Spectra of the CO+N= 2 → 1, J= 5/2 → 3/2 line observed in the sample of PNe, with fits to the line profiles overlaid (dashed lines). Brightness temperatures are given in main beam (Tmb) scale and velocities are quoted with respect to the local standard of rest (LSR). Some of the spectra have been binned to a lower velocity resolution to reduce the noise.

Figure 1

Spectra of the CO+N= 2 → 1, J= 5/2 → 3/2 line observed in the sample of PNe, with fits to the line profiles overlaid (dashed lines). Brightness temperatures are given in main beam (Tmb) scale and velocities are quoted with respect to the local standard of rest (LSR). Some of the spectra have been binned to a lower velocity resolution to reduce the noise.

Figure 2

Spectra of the CO+N= 2 → 1, J= 5/2 → 3/2 and N= 3 → 2, J= 7/2 → 5/2 lines observed in CRL 618. Brightness temperatures are given in main beam (Tmb) scale and velocities are quoted with respect to the LSR. The two velocity components appearing in each of the lines are labelled a and b on the spectra.

Figure 2

Spectra of the CO+N= 2 → 1, J= 5/2 → 3/2 and N= 3 → 2, J= 7/2 → 5/2 lines observed in CRL 618. Brightness temperatures are given in main beam (Tmb) scale and velocities are quoted with respect to the LSR. The two velocity components appearing in each of the lines are labelled a and b on the spectra.

Table 2

Summary of the Gaussian fit parameters for the observed CO+N= 2 → 1, J= 5/2 → 3/2 line in each source. The integrated intensity, peak main beam temperature, rms noise, linewidth, central velocity and the spectral resolution of the final data are listed for each source. In the case of non-detections, an upper limit to the integrated intensity is derived using equation (3).

Source forumla Tmb σmb FWHM VLSR Δν Δν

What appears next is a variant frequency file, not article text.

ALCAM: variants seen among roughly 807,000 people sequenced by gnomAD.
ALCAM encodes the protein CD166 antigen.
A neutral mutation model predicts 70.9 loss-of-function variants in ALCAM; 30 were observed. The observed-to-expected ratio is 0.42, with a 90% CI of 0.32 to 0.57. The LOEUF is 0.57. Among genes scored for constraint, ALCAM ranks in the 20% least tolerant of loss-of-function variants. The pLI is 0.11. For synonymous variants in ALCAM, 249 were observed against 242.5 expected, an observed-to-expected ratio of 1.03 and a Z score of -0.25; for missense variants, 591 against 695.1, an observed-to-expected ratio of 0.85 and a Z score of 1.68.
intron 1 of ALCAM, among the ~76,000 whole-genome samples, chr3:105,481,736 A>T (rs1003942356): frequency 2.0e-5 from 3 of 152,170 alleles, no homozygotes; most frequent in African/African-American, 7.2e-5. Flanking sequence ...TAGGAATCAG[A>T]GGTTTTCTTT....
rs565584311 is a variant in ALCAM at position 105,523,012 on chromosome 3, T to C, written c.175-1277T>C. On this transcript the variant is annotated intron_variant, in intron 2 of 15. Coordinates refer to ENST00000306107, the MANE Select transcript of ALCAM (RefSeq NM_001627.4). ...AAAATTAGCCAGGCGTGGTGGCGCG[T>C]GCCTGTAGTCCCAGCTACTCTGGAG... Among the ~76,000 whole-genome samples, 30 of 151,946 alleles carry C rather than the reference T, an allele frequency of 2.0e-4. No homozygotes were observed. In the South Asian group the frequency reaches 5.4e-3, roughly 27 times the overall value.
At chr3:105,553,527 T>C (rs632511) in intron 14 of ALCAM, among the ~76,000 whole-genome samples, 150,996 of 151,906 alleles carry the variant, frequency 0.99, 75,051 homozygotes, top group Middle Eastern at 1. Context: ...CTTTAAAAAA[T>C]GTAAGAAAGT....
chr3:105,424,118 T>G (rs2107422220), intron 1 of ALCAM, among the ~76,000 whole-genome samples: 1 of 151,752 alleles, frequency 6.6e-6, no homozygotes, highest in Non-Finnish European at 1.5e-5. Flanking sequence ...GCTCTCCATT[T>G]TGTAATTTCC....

(K km s−1(K) (K) (km s−1(km s−1(MHz) (km s−1
CRL 618a 0.762 ± 0.077 0.069 0.008 10.43 −66.03 1.25 1.59 
CRL 618b 0.872 ± 0.085 0.062 0.008 13.24 −24.81 1.25 1.59 
NGC 6781 0.249 ± 0.057 0.031 0.008 7.60 +8.73 1.25 1.59 
BV 5–1 0.062 ± 0.015 0.011 0.003 5.18 −63.82 1.25 1.59 
K 3–24 0.109 ± 0.036 0.013 0.003 8.16 +39.86 2.50 3.17 
IC 5117 0.069 ± 0.035 0.010 0.004 6.22 −10.64 2.50 3.17 
K 3–94 0.044 ± 0.028 0.010 0.003 4.17 −72.41 1.88 2.38 
M 1–17 <0.351 0.006 0.003 – – 2.50 3.17 
M 1–13 <0.162 0.005 0.003 – – 2.50 3.17 
Source forumla Tmb σmb FWHM VLSR Δν Δν 
 (K km s−1(K) (K) (km s−1(km s−1(MHz) (km s−1
CRL 618a 0.762 ± 0.077 0.069 0.008 10.43 −66.03 1.25 1.59 
CRL 618b 0.872 ± 0.085 0.062 0.008 13.24 −24.81 1.25 1.59 
NGC 6781 0.249 ± 0.057 0.031 0.008 7.60 +8.73 1.25 1.59 
BV 5–1 0.062 ± 0.015 0.011 0.003 5.18 −63.82 1.25 1.59 
K 3–24 0.109 ± 0.036 0.013 0.003 8.16 +39.86 2.50 3.17 
IC 5117 0.069 ± 0.035 0.010 0.004 6.22 −10.64 2.50 3.17 
K 3–94 0.044 ± 0.028 0.010 0.003 4.17 −72.41 1.88 2.38 
M 1–17 <0.351 0.006 0.003 – – 2.50 3.17 
M 1–13 <0.162 0.005 0.003 – – 2.50 3.17 

We obtain a strong (>10σ) detection of the CO+N= 2 → 1, J= 5/2 → 3/2 line in CRL 618 and marginal detections (≥3σ) in another three PNe (NGC 6781, BV 5–1 and K 3–24). We obtain tentative detections in IC 5117 and K 3–94, and fail to detect the line in the remaining two PNe, M 1–13 and M 1–17, for which we derive upper limits to the line intensities. The linewidths of the previously detected HCO+ lines in these sources are not given in the literature, but are generally much wider than the CO+ linewidths we find here.

Estimates of the column densities have been derived under the assumptions of local thermodynamic equilibrium (LTE) and optically thin emission, following the method outlined in Fuente et al. (2003),